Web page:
How Do The Republicans Save Face?

Digby

Jonathan Chait flagged this quote from Eric Cantor today and came up with an interesting theory as to why he said it:

Mr. Cantor complained that the president, while insisting on additional tax increases, still has not embraced the structural changes to Medicare, Medicaid and Social Security that he says are needed to strike a deficit reduction deal.

Even on the divisive tax issue, however, Mr. Cantor can sometimes sound as if he is leaving a door open. If Mr. Obama shows he is “serious about fixing the problem,” he said, “then we’ll see” about additional taxes.

(When pressed on the point, Mr. Cantor returned to his familiar position that the House would not back higher taxes.)

Chait thinks this might explain why the Republicans have been bizarrely insisting that the President has refused to cut the “entitlements” despite his repeated offers to do so — it’s a sort of self-serving delusion that they are “making him do it it” so they can justify making a deal. Otherwise, if they did come to agreement, they’d have entirely capitulated and they just can’t do that. Not after their bruising loss in the election and their agreement to allow some of the Bush tax cuts to expire when they swore they never would.

This makes sense to me. By calling for the “balanced approach” up front, the administration gave the Republicans no way to save face. The administration probably thought they were just creating a campaign slogan at the time (and that, if it came to it, the sequester and fiscal cliff threats would bring them to heel.) Now, the sequester is upon us and in order to agree to a Grand Bargain, the GOP is stuck trying to pretend they’ve “forced” the president to agree to entitlement cuts — and it just isn’t very convincing.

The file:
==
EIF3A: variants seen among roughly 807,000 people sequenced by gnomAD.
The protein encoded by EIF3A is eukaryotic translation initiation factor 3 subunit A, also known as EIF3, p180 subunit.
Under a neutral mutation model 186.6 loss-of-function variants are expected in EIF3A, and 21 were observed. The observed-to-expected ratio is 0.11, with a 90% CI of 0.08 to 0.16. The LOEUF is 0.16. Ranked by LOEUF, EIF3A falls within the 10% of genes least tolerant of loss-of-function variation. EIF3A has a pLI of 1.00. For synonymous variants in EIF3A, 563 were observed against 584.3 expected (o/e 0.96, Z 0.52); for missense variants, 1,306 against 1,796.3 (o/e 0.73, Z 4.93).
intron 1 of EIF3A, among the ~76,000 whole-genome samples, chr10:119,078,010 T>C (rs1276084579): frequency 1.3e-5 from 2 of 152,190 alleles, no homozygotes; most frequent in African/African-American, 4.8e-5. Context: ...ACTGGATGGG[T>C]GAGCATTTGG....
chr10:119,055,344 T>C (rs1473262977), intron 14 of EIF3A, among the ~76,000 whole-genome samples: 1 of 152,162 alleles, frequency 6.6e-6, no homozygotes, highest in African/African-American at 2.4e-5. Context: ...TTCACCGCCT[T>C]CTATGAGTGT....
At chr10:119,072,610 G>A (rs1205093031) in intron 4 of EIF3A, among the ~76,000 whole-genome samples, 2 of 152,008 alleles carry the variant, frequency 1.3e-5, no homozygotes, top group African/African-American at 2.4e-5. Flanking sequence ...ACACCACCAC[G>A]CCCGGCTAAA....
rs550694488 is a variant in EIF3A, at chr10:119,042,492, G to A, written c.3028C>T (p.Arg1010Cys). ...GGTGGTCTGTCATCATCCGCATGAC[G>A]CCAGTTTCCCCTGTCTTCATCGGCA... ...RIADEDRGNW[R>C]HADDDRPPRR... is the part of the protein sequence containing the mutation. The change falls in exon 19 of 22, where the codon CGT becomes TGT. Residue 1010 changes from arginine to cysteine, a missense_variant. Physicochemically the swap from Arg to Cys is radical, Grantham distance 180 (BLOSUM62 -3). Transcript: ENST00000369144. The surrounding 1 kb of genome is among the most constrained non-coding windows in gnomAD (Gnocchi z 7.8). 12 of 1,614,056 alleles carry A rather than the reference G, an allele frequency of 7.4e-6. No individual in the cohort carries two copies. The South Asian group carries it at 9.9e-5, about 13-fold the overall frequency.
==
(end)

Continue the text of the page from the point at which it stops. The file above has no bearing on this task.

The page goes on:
Now, I suppose it’s possible that the White House did all this to ensure that the Republicans wouldn’t come to the table, but that means they really wanted these sequester cuts, which I kind of doubt. The Grand Bargain has always been their stated goal. So this whole thing is the result of a series of negotiating blunders that has us inflicting austerity on the economy at a very bad time — with the prospect of austerity for the most vulnerable populations far into the future being the only alternative on offer.

The question is if the Republicans can figure out a way to pretend to their people that they got something out of this deal. The President hasn’t left them much room, so it’s going to take some creativity. Unfortunately, I’m going to guess that the only way they’ll be able to get there is for the president to first negotiate with himself to cut “entitlements” even more and raise revenue even less so they can tell themselves they got something out of the deal.

Everyone says he won’t do that no matter what, so that’s good.

Comments